A few interesting things to keep in mind as you watch:

Dr. Gardner’s chart presentation on the spread of obesity throughout he US is powerful.  We all know these facts, yes — seeing it presented in this fashion, though, brings this static information “alive” in a profound way.

Notice as well all the maddening, tunnel-visioned viewing of the study’s statistical results data through the old “calories in, calories out” prism.  It’ll make you want to jump through the screen and remove the good doctor’s blinders.  It reminds me of the story of the two fish, wherein one fish asks the other, “what’s this stuff water I keep hearing about?”

Interesting, too, is the behind the scenes view of what it required to land a study grant, and how painfully long the wait is between grant acquisition and the release of actual study findings.  And add to this all of the Political wrangling — both in academia and in the government realm — that must be traversed.  It’s mind numbing.   If it were not for the internet allowing the immediate connection of like-minded folks, all of whom are actively engaged in n=1 studies of “Paleo science”, Paleo would yet to even have a fair hearing in the world of nutritional science.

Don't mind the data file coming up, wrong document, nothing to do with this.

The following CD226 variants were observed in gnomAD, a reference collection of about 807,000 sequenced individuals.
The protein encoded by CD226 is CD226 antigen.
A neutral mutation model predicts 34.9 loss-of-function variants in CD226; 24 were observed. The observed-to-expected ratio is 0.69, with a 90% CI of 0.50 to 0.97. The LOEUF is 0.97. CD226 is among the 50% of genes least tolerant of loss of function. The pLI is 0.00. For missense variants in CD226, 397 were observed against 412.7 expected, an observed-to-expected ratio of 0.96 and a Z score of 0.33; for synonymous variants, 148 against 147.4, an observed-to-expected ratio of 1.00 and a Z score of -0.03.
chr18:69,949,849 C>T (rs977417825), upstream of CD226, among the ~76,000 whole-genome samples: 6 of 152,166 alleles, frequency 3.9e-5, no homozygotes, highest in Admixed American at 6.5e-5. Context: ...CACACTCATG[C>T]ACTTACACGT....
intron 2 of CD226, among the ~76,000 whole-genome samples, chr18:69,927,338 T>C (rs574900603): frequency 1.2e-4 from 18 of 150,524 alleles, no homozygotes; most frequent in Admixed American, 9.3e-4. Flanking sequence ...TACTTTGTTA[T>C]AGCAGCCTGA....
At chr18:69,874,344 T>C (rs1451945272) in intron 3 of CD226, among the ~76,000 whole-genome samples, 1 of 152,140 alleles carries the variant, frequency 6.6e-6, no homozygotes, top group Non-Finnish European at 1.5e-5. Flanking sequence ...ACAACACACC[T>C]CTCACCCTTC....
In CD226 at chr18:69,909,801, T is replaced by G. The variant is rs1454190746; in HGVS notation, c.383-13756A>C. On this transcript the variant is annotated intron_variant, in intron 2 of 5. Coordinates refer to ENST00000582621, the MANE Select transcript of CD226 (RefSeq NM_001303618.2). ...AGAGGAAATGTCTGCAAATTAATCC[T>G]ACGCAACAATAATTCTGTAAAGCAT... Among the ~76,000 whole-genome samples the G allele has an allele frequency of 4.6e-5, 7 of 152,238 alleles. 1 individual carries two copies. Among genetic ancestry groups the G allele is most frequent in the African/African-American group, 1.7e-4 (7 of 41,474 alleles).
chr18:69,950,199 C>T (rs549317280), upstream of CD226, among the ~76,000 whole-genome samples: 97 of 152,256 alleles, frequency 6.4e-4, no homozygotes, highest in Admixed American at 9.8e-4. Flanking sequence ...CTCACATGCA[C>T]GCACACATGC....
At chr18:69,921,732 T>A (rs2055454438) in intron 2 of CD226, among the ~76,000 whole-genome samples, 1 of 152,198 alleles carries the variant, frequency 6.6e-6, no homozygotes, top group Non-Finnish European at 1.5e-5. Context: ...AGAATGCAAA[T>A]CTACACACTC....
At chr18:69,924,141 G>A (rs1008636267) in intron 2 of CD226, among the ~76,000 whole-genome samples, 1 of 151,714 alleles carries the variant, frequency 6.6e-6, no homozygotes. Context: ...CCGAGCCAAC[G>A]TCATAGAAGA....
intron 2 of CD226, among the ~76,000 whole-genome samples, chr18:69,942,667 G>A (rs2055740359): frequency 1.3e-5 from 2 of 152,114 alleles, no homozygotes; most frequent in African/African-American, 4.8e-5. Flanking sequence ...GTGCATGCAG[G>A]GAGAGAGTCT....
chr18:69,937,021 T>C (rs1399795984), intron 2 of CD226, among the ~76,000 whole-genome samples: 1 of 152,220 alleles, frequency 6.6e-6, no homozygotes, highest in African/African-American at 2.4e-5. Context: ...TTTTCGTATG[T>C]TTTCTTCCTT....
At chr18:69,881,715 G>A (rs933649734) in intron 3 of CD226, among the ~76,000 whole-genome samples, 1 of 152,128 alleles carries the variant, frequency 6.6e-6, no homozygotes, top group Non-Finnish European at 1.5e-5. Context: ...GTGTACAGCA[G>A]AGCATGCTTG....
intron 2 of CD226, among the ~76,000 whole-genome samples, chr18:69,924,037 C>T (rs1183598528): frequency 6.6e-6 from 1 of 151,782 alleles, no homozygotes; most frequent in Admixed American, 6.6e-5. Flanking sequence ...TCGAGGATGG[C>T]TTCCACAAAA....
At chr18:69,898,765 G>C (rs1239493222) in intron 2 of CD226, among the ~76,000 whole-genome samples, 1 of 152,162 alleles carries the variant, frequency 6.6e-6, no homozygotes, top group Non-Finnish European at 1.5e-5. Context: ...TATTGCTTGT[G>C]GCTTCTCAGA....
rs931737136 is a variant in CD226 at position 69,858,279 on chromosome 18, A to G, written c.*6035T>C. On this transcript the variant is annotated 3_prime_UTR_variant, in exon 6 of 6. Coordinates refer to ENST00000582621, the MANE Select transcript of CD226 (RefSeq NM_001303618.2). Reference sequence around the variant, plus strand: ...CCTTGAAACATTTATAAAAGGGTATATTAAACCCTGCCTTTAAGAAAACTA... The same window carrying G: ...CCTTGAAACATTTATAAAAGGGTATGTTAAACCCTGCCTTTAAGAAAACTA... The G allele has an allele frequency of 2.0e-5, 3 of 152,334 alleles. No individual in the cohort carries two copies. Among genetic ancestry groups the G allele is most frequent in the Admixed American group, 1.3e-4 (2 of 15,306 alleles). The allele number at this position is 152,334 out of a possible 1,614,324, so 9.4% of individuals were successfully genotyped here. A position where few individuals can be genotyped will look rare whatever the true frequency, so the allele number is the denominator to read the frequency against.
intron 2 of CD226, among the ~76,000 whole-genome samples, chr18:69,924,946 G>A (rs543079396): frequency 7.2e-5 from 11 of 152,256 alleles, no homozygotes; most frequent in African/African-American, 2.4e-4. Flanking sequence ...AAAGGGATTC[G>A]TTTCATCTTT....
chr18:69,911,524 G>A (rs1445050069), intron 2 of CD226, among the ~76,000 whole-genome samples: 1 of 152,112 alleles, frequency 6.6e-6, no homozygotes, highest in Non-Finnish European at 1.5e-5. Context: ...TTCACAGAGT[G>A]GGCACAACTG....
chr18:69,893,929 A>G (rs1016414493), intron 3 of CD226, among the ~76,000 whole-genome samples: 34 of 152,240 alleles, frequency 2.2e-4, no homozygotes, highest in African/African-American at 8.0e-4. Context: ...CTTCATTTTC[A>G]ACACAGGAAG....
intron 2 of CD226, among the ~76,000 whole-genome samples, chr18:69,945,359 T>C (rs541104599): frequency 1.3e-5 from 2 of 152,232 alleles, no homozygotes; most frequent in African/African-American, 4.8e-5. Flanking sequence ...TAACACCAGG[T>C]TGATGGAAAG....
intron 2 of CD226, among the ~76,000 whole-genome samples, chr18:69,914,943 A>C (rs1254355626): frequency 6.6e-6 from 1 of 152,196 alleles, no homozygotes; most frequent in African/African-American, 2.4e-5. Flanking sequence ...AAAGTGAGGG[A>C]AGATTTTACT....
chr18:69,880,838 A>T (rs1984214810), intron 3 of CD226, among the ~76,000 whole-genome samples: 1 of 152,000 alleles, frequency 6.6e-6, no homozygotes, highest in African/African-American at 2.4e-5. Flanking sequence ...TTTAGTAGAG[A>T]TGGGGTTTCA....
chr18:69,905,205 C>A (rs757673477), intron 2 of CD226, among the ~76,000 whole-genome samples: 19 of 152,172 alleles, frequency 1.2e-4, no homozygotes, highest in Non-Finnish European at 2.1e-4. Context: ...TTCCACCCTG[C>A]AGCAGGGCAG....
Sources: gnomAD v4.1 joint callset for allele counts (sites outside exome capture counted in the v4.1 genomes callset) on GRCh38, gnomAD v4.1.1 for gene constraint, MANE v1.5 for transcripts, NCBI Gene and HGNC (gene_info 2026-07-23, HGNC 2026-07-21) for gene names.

Kudos, then, to us — for actively advancing the Paleo science.

And a big round of thanks are in order to the Balanced Existence website for having re-excavated this find.   You can read their interesting commentary on the lecture, here.

Sit back and enjoy.

In health,


More MetCon Musings

“Nearly all men can stand adversity, but if you want to test a man’s character, give him power.”

Abraham Lincoln

The Scribblings of a madman

A little insight into how I develop some of my ideas; tease the few, substantial and practical take-away messages out of the bombardment of daily information.  Metaphorically, I think of it as panning for gold.  Anyway, I have a small “office” in my home where I do the majority of my reading and writing, and in that office is the whiteboard seen here.  Now I’d prefer to be surrounded by an old-school blackboard and chalk (for tactile reasons — and sentimentality as well, I suppose), and I’d prefer that every wall of the room be covered likewise.  Not a good decorating decision, (or so I’m told), so for the time being I’ll have to muddle through with my one little whiteboard.